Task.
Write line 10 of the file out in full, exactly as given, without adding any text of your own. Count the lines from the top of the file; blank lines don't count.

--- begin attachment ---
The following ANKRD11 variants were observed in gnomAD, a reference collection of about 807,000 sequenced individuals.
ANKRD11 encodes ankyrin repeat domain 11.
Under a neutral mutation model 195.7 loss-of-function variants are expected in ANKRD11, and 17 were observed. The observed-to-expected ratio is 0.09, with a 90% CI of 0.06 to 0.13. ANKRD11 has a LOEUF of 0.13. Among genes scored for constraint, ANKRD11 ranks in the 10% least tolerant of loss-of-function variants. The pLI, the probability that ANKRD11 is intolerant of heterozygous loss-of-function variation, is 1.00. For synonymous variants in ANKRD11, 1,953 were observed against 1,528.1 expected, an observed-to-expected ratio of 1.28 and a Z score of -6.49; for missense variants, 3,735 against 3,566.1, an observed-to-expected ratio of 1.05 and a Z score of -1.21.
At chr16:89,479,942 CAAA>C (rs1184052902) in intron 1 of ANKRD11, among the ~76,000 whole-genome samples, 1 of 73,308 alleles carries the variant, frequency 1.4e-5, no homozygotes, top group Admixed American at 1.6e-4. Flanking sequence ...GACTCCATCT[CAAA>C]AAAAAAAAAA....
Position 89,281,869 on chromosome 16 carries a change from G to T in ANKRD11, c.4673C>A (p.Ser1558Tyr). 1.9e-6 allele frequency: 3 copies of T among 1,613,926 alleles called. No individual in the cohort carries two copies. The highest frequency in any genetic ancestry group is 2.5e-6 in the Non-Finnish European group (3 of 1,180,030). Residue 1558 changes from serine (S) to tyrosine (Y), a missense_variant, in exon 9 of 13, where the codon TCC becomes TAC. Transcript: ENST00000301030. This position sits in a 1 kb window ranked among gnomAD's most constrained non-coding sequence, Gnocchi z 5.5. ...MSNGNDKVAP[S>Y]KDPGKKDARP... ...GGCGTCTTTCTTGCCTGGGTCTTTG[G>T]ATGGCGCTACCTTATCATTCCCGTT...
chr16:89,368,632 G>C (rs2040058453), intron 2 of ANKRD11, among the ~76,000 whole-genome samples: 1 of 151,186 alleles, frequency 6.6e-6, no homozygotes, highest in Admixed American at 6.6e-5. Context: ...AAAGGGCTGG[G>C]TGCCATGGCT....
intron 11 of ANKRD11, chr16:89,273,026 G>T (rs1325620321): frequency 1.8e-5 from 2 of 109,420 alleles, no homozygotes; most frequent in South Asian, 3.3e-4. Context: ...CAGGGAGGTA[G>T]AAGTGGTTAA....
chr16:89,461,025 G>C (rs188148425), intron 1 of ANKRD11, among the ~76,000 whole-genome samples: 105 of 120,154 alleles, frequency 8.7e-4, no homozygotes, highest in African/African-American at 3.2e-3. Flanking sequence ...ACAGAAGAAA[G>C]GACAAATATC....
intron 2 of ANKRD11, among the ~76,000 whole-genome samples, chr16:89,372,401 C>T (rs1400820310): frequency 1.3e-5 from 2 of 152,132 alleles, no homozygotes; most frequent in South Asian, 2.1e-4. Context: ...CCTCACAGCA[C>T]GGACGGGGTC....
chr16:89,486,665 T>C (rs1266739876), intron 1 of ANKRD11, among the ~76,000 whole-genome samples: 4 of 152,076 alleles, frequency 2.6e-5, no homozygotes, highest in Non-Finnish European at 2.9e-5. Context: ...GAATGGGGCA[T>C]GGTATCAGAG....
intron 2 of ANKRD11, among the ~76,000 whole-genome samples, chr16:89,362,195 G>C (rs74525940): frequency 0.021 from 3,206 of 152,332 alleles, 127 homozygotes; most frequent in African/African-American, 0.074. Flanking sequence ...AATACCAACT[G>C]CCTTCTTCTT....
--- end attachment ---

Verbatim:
chr16:89,486,665 T>C (rs1266739876), intron 1 of ANKRD11, among the ~76,000 whole-genome samples: 4 of 152,076 alleles, frequency 2.6e-5, no homozygotes, highest in Non-Finnish European at 2.9e-5. Context: ...GAATGGGGCA[T>C]GGTATCAGAG....